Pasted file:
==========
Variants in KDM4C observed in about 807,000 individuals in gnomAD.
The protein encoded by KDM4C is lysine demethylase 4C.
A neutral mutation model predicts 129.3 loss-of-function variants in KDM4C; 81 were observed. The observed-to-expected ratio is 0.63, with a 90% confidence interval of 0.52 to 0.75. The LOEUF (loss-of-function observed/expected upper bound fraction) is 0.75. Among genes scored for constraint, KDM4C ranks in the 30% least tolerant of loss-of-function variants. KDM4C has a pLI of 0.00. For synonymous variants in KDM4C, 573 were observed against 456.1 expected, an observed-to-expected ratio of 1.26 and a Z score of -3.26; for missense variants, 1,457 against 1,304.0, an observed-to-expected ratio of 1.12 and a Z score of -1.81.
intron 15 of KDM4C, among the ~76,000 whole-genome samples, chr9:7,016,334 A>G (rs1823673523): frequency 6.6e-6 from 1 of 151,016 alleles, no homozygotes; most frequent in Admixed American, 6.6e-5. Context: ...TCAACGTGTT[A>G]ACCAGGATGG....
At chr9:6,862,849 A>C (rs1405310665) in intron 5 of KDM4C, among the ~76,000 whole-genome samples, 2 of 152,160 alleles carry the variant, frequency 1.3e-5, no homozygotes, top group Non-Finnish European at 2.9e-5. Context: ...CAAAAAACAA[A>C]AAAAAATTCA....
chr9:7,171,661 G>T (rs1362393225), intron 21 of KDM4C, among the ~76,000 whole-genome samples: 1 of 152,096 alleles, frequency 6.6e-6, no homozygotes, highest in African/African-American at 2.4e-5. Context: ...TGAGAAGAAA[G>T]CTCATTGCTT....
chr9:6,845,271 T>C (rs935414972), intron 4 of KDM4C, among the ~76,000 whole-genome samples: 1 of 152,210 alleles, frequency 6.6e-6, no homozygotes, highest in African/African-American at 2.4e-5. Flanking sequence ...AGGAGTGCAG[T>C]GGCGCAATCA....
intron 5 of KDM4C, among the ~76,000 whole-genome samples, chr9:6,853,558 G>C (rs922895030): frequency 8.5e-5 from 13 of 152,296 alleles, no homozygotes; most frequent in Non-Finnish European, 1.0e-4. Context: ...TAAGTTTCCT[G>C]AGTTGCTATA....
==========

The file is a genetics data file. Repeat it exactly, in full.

Variants in KDM4C observed in about 807,000 individuals in gnomAD.
The protein encoded by KDM4C is lysine demethylase 4C.
A neutral mutation model predicts 129.3 loss-of-function variants in KDM4C; 81 were observed. The observed-to-expected ratio is 0.63, with a 90% confidence interval of 0.52 to 0.75. The LOEUF (loss-of-function observed/expected upper bound fraction) is 0.75. Among genes scored for constraint, KDM4C ranks in the 30% least tolerant of loss-of-function variants. KDM4C has a pLI of 0.00. For synonymous variants in KDM4C, 573 were observed against 456.1 expected, an observed-to-expected ratio of 1.26 and a Z score of -3.26; for missense variants, 1,457 against 1,304.0, an observed-to-expected ratio of 1.12 and a Z score of -1.81.
intron 15 of KDM4C, among the ~76,000 whole-genome samples, chr9:7,016,334 A>G (rs1823673523): frequency 6.6e-6 from 1 of 151,016 alleles, no homozygotes; most frequent in Admixed American, 6.6e-5. Context: ...TCAACGTGTT[A>G]ACCAGGATGG....
At chr9:6,862,849 A>C (rs1405310665) in intron 5 of KDM4C, among the ~76,000 whole-genome samples, 2 of 152,160 alleles carry the variant, frequency 1.3e-5, no homozygotes, top group Non-Finnish European at 2.9e-5. Context: ...CAAAAAACAA[A>C]AAAAAATTCA....
chr9:7,171,661 G>T (rs1362393225), intron 21 of KDM4C, among the ~76,000 whole-genome samples: 1 of 152,096 alleles, frequency 6.6e-6, no homozygotes, highest in African/African-American at 2.4e-5. Context: ...TGAGAAGAAA[G>T]CTCATTGCTT....
chr9:6,845,271 T>C (rs935414972), intron 4 of KDM4C, among the ~76,000 whole-genome samples: 1 of 152,210 alleles, frequency 6.6e-6, no homozygotes, highest in African/African-American at 2.4e-5. Flanking sequence ...AGGAGTGCAG[T>C]GGCGCAATCA....
intron 5 of KDM4C, among the ~76,000 whole-genome samples, chr9:6,853,558 G>C (rs922895030): frequency 8.5e-5 from 13 of 152,296 alleles, no homozygotes; most frequent in Non-Finnish European, 1.0e-4. Context: ...TAAGTTTCCT[G>C]AGTTGCTATA....